. . . so let us walk a more humble path.

6 thoughts on “Everybody Knows Everything

  1. Good post. It is frustrating living in a world where everyone thinks they are an expert even though they are clearly not.

    That this doesn’t effect the fully formed person Ian great insight. Fully formed people know what their identity is so they don’t need to pretend to be something they are not.

    Liked by 1 person

  2. I like to think that I have not grown into someone too cynical. Still, I’d be lying if I didn’t acknowledge that I’m a black and white kind of personality ….in other words, “opinionated”.

    Once I decide something is true, proving to me that I am wrong does usually take “an act of congress”…or “God”. Mind you, it can happen, but my husband will tell you, not without one heck of a debate.

    Anyway, I think what frustrates me about or culture nowadays isn’t so much the ability to find some narrative we can latch onto and claim as “truth”. I was raised in a family of teachers and, thus, I firmly believe in the “rightness” of being able to research and defend one’s stances. Still, these days, there is this sheer lack of desire to educate one’s self about differing perspectives BEFORE “choosing a side” (and then clinging onto it for dear life on social media). How can critical thinking even happen without at least examining the reasoning of what others have to say?

    Likewise, in a world where there is certainly knowledge of both good and evil, how can one really choose to follow Christ…or any creed…without steadfastly studying His wisdom, His works, His Grace? How does one not also study the history of His church? How His legacy has effected our collective history? Furthermore, how do we truly CHOOSE Him without being open to studying all manner of religious and non-religious ideas?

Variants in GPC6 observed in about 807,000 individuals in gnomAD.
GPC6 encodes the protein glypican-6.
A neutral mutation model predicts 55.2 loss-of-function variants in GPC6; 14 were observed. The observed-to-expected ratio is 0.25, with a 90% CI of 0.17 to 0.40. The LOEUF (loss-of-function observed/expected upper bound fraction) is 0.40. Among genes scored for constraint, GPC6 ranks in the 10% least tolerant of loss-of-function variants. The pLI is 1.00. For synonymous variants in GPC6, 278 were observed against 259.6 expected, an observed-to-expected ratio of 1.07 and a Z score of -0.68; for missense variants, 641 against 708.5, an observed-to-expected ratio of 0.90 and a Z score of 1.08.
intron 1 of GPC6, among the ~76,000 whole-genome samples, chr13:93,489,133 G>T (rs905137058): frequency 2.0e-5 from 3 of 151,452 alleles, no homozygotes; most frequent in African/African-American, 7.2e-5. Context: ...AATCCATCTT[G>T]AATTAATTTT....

Perhaps as children we are blindly led towards whatever faith and truth our parents or community choose for us. But, as we grow and learn about both the good and evil in this world, one’s truth, like faith, must be continually examined, considered, and actively pursued. When faith and truth are found, they should resonate deep within to a place few, save God, can touch. Their righteousness should speak in voice our individual soul cannot ignore or cast aside… not because we refused to acknowledge and consider other notions, but because those other notions have been equally examined, studied and considered, and found to be wanting.

    Beyond my faith in God, I suppose this is why there are, in truth, very few things I’m utterly sure about. Don’t tell my husband that, though. I’m still trying to teach him that his wife is always right.

    Liked by 1 person